How other NFL teams could make the most of Deebo Samuel

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Last season, per Sports Info Solutions, the Pittsburgh Steelers involved their receivers in running plays on 26 plays for 186 yards and a touchdown. The Kansas City Chiefs ran their receivers 24 times for 194 yards and a touchdown. The Jacksonville Jaguars ran their receivers on 21 attempts for 173 yards and a touchdown. The New Orleans Saints ran their receivers 21 times for 86 yards. And the Arizona Cardinals ran their receivers 20 times for 111 yards.

There are NFL teams that like to use their receivers in the run game, and then, there is the San Francisco 49ers, who ran their receivers 90 times for 581 yards and nine touchdowns. Of course, Deebo Samuel was the primary instigator in that schematic construct — he had 86 of those runs for 502 yards and all nine rushing touchdowns.

Ever since the 49ers selected Samuel in the second round of the 2019 draft out of South Carolina, he’s been a perfect fit in Kyle Shanahan’s offensive concepts, and while the running aspect of it is a huge deal, there are other ways in which Samuel has made that passing game go. Even with an average quarterback in Jimmy Garoppolo and a developmental first-round prospect in second-year man Trey Lance, Samuel has been… well, quarterback-proof, and it makes him one of the NFL’s premier receivers and weapons.

Now, it appears that Shanahan’s primary weapon, outside of tight George Kittle, wants out of Dodge.

Perhaps late-season usage was an issue.

With the trades of Tyreek Hill to the Dolphins and Davante Adams to the Raiders, it’s already been Moving Day multiple times for some of the league’s best receivers. Word is that the 49ers have wanted to extend Samuel’s contract, but there are other issues that have him wanting a new home.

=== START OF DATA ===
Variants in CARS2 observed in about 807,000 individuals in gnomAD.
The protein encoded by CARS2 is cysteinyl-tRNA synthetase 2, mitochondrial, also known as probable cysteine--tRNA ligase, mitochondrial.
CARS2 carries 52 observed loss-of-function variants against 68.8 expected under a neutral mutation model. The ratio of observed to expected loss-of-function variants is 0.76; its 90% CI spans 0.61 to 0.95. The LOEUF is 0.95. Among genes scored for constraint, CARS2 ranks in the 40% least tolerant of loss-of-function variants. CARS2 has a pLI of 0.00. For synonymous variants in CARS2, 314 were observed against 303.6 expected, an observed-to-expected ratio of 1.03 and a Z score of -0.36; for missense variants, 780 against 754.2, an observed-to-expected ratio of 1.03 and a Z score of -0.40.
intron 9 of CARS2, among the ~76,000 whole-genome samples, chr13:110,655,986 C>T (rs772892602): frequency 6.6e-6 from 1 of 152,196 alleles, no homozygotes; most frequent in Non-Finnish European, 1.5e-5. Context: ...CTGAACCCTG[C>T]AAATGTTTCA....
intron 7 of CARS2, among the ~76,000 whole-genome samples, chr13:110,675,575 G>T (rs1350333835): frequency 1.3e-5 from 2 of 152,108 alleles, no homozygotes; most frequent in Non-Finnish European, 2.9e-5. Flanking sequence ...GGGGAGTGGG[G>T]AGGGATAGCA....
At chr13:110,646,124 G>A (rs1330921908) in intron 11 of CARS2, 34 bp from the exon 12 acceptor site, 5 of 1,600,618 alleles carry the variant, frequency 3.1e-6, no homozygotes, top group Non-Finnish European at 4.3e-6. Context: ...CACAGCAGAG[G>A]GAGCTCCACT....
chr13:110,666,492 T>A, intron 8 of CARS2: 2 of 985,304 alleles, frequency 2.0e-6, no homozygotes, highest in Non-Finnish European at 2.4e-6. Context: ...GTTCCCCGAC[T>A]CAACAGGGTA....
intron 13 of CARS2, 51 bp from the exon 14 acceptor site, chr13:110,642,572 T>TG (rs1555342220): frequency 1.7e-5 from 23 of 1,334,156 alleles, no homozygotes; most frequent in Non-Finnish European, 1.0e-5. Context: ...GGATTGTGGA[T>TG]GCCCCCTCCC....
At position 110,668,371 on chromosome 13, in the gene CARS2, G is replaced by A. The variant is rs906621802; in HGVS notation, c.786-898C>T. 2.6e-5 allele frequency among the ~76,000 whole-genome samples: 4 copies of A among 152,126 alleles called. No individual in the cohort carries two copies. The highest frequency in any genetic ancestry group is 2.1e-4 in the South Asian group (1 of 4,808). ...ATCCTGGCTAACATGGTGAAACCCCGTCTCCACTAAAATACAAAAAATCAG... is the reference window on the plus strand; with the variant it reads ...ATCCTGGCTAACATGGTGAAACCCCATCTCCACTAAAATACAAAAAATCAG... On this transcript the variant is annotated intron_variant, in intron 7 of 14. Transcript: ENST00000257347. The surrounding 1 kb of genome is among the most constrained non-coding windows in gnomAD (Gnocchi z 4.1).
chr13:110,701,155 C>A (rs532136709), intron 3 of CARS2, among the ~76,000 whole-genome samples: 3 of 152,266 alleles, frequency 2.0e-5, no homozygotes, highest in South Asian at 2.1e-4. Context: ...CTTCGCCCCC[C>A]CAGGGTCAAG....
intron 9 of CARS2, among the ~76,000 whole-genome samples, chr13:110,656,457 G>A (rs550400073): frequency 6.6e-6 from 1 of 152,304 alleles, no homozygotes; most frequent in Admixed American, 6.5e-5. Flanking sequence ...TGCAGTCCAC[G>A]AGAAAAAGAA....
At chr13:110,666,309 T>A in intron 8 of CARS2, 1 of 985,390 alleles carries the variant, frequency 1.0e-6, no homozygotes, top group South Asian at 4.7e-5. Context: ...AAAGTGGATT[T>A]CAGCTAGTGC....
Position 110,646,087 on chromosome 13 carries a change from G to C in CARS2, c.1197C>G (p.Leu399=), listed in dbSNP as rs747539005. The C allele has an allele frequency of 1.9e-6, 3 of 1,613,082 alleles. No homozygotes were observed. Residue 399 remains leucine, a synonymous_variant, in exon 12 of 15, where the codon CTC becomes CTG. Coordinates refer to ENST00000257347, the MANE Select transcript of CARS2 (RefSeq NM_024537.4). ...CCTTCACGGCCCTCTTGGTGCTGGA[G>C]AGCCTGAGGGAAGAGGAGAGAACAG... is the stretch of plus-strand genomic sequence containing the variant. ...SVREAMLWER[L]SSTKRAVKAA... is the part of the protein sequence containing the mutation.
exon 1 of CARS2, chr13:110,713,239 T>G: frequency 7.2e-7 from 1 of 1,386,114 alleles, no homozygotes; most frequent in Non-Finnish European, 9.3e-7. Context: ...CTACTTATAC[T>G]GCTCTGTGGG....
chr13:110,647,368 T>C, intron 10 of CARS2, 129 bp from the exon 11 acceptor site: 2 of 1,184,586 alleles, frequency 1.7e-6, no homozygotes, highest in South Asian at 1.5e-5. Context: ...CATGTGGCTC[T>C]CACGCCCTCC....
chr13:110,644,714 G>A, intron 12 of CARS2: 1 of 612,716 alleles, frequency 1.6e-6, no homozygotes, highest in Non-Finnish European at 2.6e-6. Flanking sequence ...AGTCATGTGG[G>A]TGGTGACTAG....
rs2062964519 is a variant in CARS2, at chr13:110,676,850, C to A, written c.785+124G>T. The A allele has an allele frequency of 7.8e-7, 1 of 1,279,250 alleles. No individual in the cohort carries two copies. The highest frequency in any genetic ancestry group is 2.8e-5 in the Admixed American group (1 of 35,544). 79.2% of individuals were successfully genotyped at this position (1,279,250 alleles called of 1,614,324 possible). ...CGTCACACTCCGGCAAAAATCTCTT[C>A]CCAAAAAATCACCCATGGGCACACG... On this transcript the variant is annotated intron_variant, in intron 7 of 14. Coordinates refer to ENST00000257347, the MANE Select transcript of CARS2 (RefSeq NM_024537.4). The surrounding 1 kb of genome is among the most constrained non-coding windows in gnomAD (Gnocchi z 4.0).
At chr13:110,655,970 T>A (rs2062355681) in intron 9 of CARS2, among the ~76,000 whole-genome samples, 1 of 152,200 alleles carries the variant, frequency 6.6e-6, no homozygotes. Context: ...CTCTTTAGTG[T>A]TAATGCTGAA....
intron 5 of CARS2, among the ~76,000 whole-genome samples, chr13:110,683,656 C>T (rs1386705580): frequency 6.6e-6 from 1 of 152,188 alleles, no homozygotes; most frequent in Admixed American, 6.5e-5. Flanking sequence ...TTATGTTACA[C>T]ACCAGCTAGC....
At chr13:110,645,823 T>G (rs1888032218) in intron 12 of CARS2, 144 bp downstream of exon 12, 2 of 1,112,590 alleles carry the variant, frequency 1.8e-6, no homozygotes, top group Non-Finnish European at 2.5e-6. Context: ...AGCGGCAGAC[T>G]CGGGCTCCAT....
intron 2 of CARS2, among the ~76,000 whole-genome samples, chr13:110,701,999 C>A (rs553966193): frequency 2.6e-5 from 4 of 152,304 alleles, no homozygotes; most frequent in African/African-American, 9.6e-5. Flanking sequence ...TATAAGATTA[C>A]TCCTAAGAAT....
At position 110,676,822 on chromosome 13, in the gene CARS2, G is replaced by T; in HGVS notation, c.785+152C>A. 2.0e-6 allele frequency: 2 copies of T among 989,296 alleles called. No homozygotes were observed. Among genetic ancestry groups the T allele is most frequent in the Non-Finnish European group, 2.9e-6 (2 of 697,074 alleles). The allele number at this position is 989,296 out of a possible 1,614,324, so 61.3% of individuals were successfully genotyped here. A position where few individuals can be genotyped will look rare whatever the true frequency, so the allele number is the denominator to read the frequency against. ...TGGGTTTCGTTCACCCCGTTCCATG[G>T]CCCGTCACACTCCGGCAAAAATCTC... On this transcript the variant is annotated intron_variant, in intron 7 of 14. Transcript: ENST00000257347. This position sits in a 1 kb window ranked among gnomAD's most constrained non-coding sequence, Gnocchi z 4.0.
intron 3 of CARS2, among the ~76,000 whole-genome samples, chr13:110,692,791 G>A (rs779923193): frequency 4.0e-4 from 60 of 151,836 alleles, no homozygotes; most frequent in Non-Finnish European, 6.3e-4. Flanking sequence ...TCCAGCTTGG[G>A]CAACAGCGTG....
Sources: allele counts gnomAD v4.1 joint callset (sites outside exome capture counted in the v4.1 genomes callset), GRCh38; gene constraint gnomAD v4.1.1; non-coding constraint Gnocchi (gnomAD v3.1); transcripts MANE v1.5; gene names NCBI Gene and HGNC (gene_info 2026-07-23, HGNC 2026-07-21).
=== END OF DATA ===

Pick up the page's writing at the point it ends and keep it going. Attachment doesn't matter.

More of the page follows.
As this news comes less than two weeks before the 2022 NFL draft, it makes the possibility of a haul of picks back to the 49ers a distinct possibility. San Francisco doesn’t have a pick in the draft until the 61st selection in the second round — their 29th pick now belongs to the Chiefs, who got it from the Dolphins in the Tyreek Hill deal, and it originally went to Miami so that San Francisco could trade up for Lance last year. If the 49ers are to deal Samuel, it’s a better time to do it with a stacked receiver class, but it’s also entirely arguable that there’s no receiver in this class who can replicate Samuel’s unique brilliance.

Now, there are two questions to answer if the 49ers-Samuel relationship is part the point of repair, for whatever reasons: Which teams should be most interested in Samuel, and how could Shanahan and his staff look to replace him for the 2022 season and beyond?

Let’s start with what makes Samuel special.

Samuel wins as a runner like no other NFL receiver.

(Gary A. Vasquez-USA TODAY Sports)

Samuel has moves as a runner, and he’ll run with power at 6-foot-0 and 215 pounds, but the primary attribute that shows up on tape when he’s running the ball is his peerless straight-line speed. This 19-yard touchdown against the Rams in Week 18 shows that if you give Samuel the slightest of gaps, his speed to and through the hole is truly rare.

Winning on screens with movement and acceleration.

(Darren Yamashita-USA TODAY Sports)